Downsides: Why you might not want the Sony Xperia XZ
Decent, but not great performance: The Xperia XZ sports the same Qualcomm Snapdragon 820 processor as most of this year’s Android flagships, but it seems that Sony’s hasn’t entirely fine-tuned it for performance. Here’s how it stacked up against other flagships in Geekbench 4’s CPU tests:
Handset Geekbench 4 CPU Single Core (higher is better) Geekbench 4 CPU Multi Core (higher is better) Apple iPhone 7 Plus 3374 5649 Samsung Galaxy S7 Edge 1359 5333 Samsung Galaxy S7 1378 4718 Apple iPhone SE 2449 4171 Apple iPhone 6s 2465 4052 Sony Xperia XZ 1636 3604 Google Nexus 6P 1293 3594 Motorola Moto X Force 1352 3581 Sony Xperia X 1122 2626 Motorola Moto G Play 522 1334
The story is much the same with 3DMark’s Ice Storm Unlimited:
Handset 3DMark Ice Storm Unlimited Result Apple iPhone 7 Plus 37956 LG G5 29597 Apple iPhone SE 29276 Samsung Galaxy S7 28903 Samsung Note7 28646 Samsung Galaxy S7 Edge 28402 Apple iPhone 6s 28171 HTC 10 27392 Sony Xperia XZ 26279 Sony Xperia X Performance 26125
Now, these aren’t bad figures, and they’re worth weighing against the general Xperia XZ experience. We’d expect decent performance out of the Snapdragon 820, and the Xperia XZ generally delivered that. Still, anyone buying a premium handset has the right to expect premium performance, and while the Xperia XZ has a certain amount of grunt, it’s worth noting that other handsets manage to eke out just a bit more.
- No Forest Blue on contract: We tested with the seriously good looking Forest Blue variant of the Xperia XZ. As noted above it’s a great looking phone, but if you want one, you’ll have to buy it outright. Telstra has the exclusive on the Xperia XZ, and it’s only going to offer it in Black. The black model is still a good looking phone, but a little choice would be nice if you can’t stump up the outright price.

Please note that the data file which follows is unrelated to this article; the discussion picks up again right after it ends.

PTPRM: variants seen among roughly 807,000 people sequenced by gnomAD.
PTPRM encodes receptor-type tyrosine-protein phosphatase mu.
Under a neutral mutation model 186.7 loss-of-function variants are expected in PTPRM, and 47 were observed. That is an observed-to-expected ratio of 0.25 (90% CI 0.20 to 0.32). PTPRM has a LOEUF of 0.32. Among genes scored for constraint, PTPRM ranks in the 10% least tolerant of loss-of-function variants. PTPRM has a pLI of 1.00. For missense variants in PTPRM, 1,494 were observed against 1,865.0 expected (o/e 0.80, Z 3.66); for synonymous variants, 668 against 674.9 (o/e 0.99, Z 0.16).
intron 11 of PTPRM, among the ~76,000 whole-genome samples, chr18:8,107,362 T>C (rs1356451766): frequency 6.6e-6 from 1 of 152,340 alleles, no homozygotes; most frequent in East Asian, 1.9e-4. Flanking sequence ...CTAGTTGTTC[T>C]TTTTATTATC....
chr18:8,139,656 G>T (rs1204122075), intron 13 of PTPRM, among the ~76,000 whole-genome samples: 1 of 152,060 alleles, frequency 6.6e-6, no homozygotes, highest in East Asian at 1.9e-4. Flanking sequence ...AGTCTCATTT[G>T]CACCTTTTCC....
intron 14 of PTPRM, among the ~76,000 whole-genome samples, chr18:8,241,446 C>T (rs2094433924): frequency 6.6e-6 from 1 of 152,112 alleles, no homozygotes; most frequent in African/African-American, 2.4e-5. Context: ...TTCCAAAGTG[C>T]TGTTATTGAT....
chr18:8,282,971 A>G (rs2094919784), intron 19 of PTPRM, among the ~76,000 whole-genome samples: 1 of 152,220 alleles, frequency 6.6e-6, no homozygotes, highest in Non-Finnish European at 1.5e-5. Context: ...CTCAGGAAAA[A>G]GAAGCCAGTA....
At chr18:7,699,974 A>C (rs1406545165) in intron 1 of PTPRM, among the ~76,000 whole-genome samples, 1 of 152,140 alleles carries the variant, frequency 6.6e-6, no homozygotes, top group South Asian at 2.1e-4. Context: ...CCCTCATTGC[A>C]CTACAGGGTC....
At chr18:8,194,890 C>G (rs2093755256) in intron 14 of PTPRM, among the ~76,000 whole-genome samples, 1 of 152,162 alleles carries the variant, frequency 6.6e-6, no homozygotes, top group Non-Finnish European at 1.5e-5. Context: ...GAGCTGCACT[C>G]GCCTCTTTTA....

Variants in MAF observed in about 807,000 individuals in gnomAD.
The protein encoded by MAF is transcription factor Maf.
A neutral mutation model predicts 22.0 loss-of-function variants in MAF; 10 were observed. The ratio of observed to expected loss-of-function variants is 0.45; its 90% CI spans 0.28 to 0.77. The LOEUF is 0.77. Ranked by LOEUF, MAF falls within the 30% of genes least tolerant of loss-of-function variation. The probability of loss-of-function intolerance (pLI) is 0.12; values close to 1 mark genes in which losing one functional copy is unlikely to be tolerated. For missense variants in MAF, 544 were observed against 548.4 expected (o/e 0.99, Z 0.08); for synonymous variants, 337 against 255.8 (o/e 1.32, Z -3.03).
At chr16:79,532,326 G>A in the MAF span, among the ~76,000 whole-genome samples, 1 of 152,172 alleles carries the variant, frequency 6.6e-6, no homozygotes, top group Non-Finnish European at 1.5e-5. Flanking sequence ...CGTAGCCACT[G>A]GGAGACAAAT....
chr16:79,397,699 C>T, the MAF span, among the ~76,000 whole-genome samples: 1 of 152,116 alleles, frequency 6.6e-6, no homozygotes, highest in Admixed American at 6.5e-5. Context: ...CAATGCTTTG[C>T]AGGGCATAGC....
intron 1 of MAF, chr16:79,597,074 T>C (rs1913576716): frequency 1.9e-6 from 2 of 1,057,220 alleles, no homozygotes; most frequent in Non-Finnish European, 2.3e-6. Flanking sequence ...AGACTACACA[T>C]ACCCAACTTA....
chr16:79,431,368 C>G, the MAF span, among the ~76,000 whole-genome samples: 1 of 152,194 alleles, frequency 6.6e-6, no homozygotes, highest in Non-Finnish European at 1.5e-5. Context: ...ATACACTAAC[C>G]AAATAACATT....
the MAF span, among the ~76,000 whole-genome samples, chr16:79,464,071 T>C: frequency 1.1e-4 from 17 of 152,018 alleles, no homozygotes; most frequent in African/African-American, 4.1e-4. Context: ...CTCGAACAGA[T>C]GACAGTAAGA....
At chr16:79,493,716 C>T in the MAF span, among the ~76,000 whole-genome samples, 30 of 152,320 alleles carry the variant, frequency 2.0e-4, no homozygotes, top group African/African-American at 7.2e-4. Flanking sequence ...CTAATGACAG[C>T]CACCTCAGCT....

- Plastic SIM/microSD card tray: The Xperia XZ has a highly attractive metal body, but the SIM and microSD card tray are flexible plastic. If you don’t change the storage or SIM out often this won’t be an issue, but if you do it’s a concern on durability grounds alone. Competitor devices have nice solid metal trays, and Sony’s choice here feels cheap by comparison.
- USB C still isn't widespread: The Xperia XZ joins the family of Android phones using USB for charging and data transfer. That’s great for high speed transfers and it also supports Qualcomm’s fast charging to boot, but the compatibility question still rears its head. Micro USB chargers still outnumber USB C by a significant margin, so you’ll need to carefully plan your charging sessions for the Xperia XZ. This is improving with the growing number of USB C devices, but there’s still some way to go before it’s common.
Who is it best suited for? What are my other options?
The Xperia XZ is easily the best overall smartphone Sony’s produced this year, and that $999 price point is quite aggressive in comparative terms.
That being said, it still somewhat feels to us like Sony’s got all the parts to make a really killer smartphone but something’s holding them back. Last year’s Xperia Z5 Premium had a 4K display, but Sony’s stuck with just 1080P for the supposedly superior XZ. Battery life is decent given its frame size, but there are alternatives that seem to eke out just a little more, and the same is true for the common processor architecture. Possibly Sony’s aware of this and that’s why it’s priced the Xperia XZ the way it has. The design is lush and the essential experience is very good indeed, and that’s a good argument for any premium handset really.
Your alternatives in this space and under the $1000 price point will all tend to be slightly older handsets that have now seen price reductions, such as LG’s modular G5, the HTC 10 or the newer Motorola Moto Z.
Where can I get it?
Sony sells the Xperia XZ in Black or Forest Blue outright through its web store for $999.
Sony Xperia XZ Specifications